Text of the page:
Your NHS Integrated Care Board

Your NHS Integrated Care Board

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1 July 2022

ICBs bring health and care organisations together in a new way with a greater emphasis on collaboration and shared responsibility for the health of the local population. They present a real opportunity to focus on more joined-up services by integrating care, reducing handoffs, tackling fragmentation and variations in care and outcomes, whilst improving population health and outcomes.

The background

The Health and Care Bill, that passed through Parliament in 2022, set out plans to put Integrated Care Systems (ICSs) on a statutory footing, empowering them to better join up health and care services, improve population health and reduce health inequalities.

Each ICS is led by an NHS Integrated Care Board (ICB), an organisation with responsibility for NHS functions and budgets, and an Integrated Care Partnership (ICP), a statutory committee bringing together all system partners to produce a health and care strategy. When ICBs were legally established, o Friday 1 July 2022, clinical commissioning groups (CCGs) were abolished. At this time, all CCG websites were closed down and the information was stored on The National Archives website.

The core functions of an ICB include:

  • Planning to meet population health needs
  • Allocating resources
  • Ensuring that services are in place to deliver against ambitions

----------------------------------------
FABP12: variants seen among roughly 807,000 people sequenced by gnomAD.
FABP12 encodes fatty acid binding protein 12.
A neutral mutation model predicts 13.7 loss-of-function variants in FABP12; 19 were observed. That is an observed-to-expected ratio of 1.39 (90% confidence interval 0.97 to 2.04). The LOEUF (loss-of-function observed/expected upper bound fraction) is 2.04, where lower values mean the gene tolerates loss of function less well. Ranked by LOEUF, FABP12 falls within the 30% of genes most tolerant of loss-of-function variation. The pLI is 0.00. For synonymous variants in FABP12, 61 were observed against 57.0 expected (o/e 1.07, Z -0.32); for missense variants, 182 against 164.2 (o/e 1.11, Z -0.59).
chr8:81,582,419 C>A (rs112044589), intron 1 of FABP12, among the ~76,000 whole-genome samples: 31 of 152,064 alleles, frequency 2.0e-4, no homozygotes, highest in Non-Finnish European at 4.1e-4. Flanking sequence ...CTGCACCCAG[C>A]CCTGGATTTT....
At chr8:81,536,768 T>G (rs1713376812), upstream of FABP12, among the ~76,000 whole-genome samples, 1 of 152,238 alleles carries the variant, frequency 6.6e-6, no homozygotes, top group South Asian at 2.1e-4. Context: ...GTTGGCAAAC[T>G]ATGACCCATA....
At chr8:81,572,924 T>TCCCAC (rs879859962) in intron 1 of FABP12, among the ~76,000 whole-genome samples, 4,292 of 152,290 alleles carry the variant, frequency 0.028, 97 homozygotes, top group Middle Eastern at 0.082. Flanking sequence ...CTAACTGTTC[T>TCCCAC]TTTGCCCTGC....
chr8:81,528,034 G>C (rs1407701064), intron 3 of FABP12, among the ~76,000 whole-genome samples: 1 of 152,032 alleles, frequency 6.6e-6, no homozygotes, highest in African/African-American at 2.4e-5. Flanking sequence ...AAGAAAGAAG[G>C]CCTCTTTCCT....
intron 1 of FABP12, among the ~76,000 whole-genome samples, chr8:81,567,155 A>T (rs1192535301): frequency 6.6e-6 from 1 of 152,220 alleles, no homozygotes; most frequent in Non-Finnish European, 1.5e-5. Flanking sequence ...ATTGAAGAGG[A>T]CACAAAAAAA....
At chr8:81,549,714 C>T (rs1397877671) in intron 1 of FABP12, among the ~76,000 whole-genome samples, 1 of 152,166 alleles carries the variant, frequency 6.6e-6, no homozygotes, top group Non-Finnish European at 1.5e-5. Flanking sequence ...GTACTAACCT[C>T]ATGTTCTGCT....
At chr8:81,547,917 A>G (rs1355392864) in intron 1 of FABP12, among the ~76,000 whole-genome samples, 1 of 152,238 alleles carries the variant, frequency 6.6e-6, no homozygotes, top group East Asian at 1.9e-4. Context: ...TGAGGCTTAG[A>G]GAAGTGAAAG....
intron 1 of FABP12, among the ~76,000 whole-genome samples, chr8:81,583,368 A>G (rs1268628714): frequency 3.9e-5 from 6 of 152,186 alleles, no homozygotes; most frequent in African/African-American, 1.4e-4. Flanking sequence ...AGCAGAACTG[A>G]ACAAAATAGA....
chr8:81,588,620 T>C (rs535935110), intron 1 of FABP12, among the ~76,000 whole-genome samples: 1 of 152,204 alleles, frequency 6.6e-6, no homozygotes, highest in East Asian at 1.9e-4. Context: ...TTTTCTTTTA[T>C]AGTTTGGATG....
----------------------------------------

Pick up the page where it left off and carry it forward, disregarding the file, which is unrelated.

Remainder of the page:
• Facilitating the transformation of services
  • Coordinating and improving people and culture development
  • Overseeing delivery of improved outcomes for the population

The Integrated Care Board (ICB) in Staffordshire and Stoke-on-Trent is responsible for the health and care of 1.1 million people across a geographical area of 1,048 miles. The ICB is aligned with two upper-tier local authorities, Staffordshire County Council and Stoke-on-Trent Council.

The population is diverse with complex health and care needs, comprising both rural and urban areas, extremes of affluence, deprivation, as well as significant health inequalities.

Working with partners, the ICB have agreed on an ambitious vision which is ‘working with you to make Staffordshire and Stoke-on-Trent the healthiest place to live and work.’

To realise the benefits of the new ways of working, ICBs will need to lead a cultural change both within the ICB and the wider system. This will include: 

  • Increasing collaboration vertically (Provider Collaboratives) and horizontally (Place) – reducing competition 
  • A focus on wellbeing rather than treating illness – tackling the real causes of ill-health (housing, poverty etc.)
  • Tackling inequalities in care and treatment
  • Supporting the wellbeing of staff to retain our expertise and transform our ways of working
This means, we need to work flexibly – now and in the future – and our structures must enable us to deliver these priorities and to work collaboratively. 

To support this change, ICB staff are in teams that are either:

  • Primarily portfolio focused – working with providers and provider collaboratives to deliver the operating plan and work up transformation or
  • Primarily enablers – working with the system to ensure the ICB is well governed, has a clearly defined strategy and is delivering its plan through good governance, sound stewardship and with the right focus on clinical; safety and a people focus. 

Information about the seven portfolios can be found in our organisational organogram.